MIAMI — With nearly 900 attendees from 50 countries, sports fair SportelAmerica has consolidated its presence on the TV market circuit as an annual event.
In its fourth session here, held March 20-23, SportelAmerica drew 874 reps from 352 companies, or nearly 60% of the attendance at Sportel’s main Monaco fair, which attracted 1,482 participants in its 10th year in November.
Although Americans were the single-largest presence, the Europeans –particularly Brits — came out in droves, and many Latinos and Asians were also on hand.
High-profile participants included Swiss-rights holder ISL and the U.K.’s Prisma Media (it is marketing the rights to the 2002 and 2006 World Cups), London-based Octagon CSI, Germany’s Ufa Sports, Fox Sports Intl., ESPN and the National Football League, World Wrestling Federation and the National Basketball Assn.
Internet sports sites helped drive much of this year’s growth, acknowledged SportelAmerica marketing chief William Vitale. “There were companies here that didn’t even exist a year ago,” he said.
During a panel on the future of sports broadcasting technologies, Mike Shapiro, sports site Quokka Sport VP of programming, said producers’ archival material can become extremely valuable in an online or interactive TV format. “You can use archives in a broadband environment and create value at very little cost,” he commented.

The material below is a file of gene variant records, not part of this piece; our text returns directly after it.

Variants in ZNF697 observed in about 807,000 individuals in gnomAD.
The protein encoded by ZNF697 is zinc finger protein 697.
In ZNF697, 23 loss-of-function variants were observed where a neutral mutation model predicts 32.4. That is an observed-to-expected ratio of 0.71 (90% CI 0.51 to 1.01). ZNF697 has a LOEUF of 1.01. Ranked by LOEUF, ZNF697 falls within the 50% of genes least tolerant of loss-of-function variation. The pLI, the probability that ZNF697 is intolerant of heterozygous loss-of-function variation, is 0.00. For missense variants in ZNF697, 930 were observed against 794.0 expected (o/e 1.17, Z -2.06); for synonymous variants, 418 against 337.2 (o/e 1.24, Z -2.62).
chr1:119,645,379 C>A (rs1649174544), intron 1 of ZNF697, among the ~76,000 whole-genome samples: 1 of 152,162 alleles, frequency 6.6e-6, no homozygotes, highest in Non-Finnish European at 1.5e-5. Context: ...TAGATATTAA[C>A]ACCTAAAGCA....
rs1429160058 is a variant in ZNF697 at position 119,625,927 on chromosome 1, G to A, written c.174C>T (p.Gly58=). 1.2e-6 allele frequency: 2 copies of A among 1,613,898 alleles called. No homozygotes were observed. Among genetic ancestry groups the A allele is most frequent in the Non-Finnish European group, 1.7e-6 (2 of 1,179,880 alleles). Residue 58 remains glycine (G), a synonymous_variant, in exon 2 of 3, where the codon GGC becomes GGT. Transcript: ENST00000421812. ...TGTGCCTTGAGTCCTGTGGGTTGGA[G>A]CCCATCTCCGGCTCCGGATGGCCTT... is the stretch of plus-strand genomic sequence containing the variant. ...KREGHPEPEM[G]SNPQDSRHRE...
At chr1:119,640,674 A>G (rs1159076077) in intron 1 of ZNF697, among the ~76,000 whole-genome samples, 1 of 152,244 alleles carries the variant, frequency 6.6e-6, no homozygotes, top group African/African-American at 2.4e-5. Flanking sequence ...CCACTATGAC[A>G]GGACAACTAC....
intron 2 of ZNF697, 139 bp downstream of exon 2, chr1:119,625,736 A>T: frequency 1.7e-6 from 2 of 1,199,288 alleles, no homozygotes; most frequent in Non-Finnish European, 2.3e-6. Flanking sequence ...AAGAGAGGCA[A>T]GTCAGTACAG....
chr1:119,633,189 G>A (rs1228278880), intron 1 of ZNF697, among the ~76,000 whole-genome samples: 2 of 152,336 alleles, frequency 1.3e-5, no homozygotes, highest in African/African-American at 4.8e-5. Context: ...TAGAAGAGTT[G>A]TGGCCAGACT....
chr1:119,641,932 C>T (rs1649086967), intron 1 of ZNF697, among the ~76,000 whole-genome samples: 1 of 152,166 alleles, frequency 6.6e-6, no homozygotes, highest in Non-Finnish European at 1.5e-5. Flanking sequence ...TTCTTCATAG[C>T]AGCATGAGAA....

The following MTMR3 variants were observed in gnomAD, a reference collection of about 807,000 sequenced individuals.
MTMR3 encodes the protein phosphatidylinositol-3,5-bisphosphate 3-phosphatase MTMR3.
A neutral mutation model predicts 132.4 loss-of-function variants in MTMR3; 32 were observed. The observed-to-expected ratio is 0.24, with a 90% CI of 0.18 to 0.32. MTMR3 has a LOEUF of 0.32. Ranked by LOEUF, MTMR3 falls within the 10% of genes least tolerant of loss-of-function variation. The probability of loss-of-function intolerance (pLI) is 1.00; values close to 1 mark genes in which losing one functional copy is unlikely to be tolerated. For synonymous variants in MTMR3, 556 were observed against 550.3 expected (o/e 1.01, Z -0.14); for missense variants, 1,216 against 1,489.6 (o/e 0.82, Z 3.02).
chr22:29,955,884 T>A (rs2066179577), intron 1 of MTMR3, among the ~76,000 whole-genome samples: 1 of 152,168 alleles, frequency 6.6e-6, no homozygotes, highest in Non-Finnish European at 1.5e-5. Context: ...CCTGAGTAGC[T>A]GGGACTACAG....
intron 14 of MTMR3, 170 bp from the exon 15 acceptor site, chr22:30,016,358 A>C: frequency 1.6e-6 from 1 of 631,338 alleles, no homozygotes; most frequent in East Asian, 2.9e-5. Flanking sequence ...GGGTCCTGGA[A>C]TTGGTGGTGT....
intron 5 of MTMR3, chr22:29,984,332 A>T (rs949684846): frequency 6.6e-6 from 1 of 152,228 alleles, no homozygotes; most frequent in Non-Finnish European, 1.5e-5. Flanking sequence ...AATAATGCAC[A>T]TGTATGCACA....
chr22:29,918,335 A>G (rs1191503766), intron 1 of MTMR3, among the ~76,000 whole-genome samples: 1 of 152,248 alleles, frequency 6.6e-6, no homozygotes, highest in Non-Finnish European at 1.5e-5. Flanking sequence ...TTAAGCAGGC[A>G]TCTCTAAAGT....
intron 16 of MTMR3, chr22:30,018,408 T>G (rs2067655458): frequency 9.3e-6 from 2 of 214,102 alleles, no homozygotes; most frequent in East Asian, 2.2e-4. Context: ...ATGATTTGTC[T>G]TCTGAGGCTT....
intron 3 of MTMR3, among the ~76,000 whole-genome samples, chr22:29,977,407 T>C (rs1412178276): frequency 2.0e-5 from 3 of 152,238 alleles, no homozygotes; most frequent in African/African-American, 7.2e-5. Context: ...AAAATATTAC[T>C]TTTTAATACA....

Internet sites are increasingly anteing up to snag digital data, said Mark Mariani, prexy of sales and marketing at CBS Sportsline. He lamented that he can’t even buy footage from the NBA, which wants to showcase it on it own site, a policy “that may come back and bite the NBA on the butt,” he warned.
The NBA does aim to become the Yahoo! of basketball, with localized sites around the globe, NBA Entertainment prexy and chief operating officer Adam Silver told Daily Variety, and it is dedicating more of its programming resources to online efforts.
And while the NBA expects to sell 14,000 hours of programming worldwide by the end of the 1999-2000 season, Silver said he also is looking to expand international distribution of its channel, NBA.com TV, which bowed in the U.S. in November on DirecTV and digital cable.
At SportelAmerica, the NBA did wrap a deal with newly launched Latino sports channel PSN to carry the WNBA.